A committee of judges has slated the way the Dutch legal system treated parents who were accused of childcare benefit fraud in a report out on Friday.
The probe comes in the wake of the childcare benefit scandal which saw thousands of families wrongly accused of defrauding the tax office and ordered to pay back benefits, causing many acute financial problems.
The report, called ‘Finding justice in court’, reviews almost all 17,000 benefit fraud cases which came before a judge between 2010 and 2019. Most judges followed the tax office’s ‘all or nothing’ line on the cases, even when they felt the sentence to be unduly harsh, the authors said.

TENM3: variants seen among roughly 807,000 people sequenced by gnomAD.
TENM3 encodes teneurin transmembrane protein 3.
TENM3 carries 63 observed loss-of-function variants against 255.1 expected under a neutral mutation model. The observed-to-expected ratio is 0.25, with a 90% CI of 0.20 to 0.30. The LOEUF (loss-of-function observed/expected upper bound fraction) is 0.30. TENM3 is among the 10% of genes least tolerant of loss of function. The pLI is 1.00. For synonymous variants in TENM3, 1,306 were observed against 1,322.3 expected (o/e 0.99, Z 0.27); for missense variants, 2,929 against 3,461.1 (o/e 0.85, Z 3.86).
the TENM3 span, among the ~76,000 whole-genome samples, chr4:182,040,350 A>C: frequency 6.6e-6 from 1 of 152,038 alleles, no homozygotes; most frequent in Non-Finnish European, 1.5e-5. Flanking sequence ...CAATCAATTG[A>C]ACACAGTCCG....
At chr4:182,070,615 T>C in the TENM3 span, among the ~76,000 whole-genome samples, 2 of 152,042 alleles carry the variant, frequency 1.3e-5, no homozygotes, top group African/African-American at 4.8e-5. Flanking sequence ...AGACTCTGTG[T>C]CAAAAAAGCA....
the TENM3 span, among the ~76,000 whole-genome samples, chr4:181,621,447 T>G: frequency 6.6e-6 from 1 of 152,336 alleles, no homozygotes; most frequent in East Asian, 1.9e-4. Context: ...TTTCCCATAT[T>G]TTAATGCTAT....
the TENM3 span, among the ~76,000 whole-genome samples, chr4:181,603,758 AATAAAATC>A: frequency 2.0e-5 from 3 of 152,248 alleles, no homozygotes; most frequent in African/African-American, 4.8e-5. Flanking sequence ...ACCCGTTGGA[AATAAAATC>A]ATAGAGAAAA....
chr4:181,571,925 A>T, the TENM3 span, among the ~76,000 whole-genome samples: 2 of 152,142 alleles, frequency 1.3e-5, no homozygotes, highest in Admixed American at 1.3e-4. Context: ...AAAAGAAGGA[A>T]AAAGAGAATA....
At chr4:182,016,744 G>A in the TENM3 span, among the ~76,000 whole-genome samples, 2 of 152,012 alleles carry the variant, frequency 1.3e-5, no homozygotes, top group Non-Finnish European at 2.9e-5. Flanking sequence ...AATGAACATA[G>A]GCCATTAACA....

This interpretation of the rules means parents must pay back the whole amount received in child benefits even if they owe only a small amount. In one example cited in the report, a parent who had failed to pay an outstanding amount of €77.32 was ordered to pay back the entire advance of €27,544.
The committee said judges need to focus more on the legal protection of individuals by ‘actively investigating’ the relevant facts in every case and taking into account the personal circumstances of the person involved. ‘Show empathy’, the report concludes.
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